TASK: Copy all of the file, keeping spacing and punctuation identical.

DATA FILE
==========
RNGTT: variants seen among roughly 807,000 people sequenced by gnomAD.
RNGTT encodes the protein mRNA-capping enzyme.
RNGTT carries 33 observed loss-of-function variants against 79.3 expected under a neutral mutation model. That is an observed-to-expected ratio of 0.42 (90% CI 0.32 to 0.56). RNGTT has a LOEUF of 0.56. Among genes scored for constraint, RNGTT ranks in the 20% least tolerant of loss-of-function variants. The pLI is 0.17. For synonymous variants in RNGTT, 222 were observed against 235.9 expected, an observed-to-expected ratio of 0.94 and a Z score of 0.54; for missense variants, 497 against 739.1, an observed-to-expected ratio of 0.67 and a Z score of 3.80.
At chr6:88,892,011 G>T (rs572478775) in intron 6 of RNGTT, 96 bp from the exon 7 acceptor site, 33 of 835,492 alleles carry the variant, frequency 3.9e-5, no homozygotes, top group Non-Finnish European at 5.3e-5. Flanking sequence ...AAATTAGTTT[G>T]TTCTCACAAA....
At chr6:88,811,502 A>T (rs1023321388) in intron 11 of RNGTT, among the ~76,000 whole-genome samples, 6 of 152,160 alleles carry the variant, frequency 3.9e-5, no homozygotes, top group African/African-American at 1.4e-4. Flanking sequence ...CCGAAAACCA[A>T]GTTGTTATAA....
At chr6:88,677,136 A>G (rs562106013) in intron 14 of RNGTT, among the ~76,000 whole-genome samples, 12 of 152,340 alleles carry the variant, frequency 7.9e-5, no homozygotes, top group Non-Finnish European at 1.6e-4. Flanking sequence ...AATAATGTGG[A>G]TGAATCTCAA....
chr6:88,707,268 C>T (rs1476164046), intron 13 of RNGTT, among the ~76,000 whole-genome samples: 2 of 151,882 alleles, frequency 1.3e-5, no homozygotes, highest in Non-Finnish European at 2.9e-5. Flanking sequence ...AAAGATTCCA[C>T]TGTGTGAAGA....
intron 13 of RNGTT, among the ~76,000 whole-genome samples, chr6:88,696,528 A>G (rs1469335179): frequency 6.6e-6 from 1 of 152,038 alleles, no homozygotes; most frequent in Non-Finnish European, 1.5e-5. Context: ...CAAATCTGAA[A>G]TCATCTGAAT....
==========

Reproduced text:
RNGTT: variants seen among roughly 807,000 people sequenced by gnomAD.
RNGTT encodes the protein mRNA-capping enzyme.
RNGTT carries 33 observed loss-of-function variants against 79.3 expected under a neutral mutation model. That is an observed-to-expected ratio of 0.42 (90% CI 0.32 to 0.56). RNGTT has a LOEUF of 0.56. Among genes scored for constraint, RNGTT ranks in the 20% least tolerant of loss-of-function variants. The pLI is 0.17. For synonymous variants in RNGTT, 222 were observed against 235.9 expected, an observed-to-expected ratio of 0.94 and a Z score of 0.54; for missense variants, 497 against 739.1, an observed-to-expected ratio of 0.67 and a Z score of 3.80.
At chr6:88,892,011 G>T (rs572478775) in intron 6 of RNGTT, 96 bp from the exon 7 acceptor site, 33 of 835,492 alleles carry the variant, frequency 3.9e-5, no homozygotes, top group Non-Finnish European at 5.3e-5. Flanking sequence ...AAATTAGTTT[G>T]TTCTCACAAA....
At chr6:88,811,502 A>T (rs1023321388) in intron 11 of RNGTT, among the ~76,000 whole-genome samples, 6 of 152,160 alleles carry the variant, frequency 3.9e-5, no homozygotes, top group African/African-American at 1.4e-4. Flanking sequence ...CCGAAAACCA[A>T]GTTGTTATAA....
At chr6:88,677,136 A>G (rs562106013) in intron 14 of RNGTT, among the ~76,000 whole-genome samples, 12 of 152,340 alleles carry the variant, frequency 7.9e-5, no homozygotes, top group Non-Finnish European at 1.6e-4. Flanking sequence ...AATAATGTGG[A>G]TGAATCTCAA....
chr6:88,707,268 C>T (rs1476164046), intron 13 of RNGTT, among the ~76,000 whole-genome samples: 2 of 151,882 alleles, frequency 1.3e-5, no homozygotes, highest in Non-Finnish European at 2.9e-5. Flanking sequence ...AAAGATTCCA[C>T]TGTGTGAAGA....
intron 13 of RNGTT, among the ~76,000 whole-genome samples, chr6:88,696,528 A>G (rs1469335179): frequency 6.6e-6 from 1 of 152,038 alleles, no homozygotes; most frequent in Non-Finnish European, 1.5e-5. Context: ...CAAATCTGAA[A>G]TCATCTGAAT....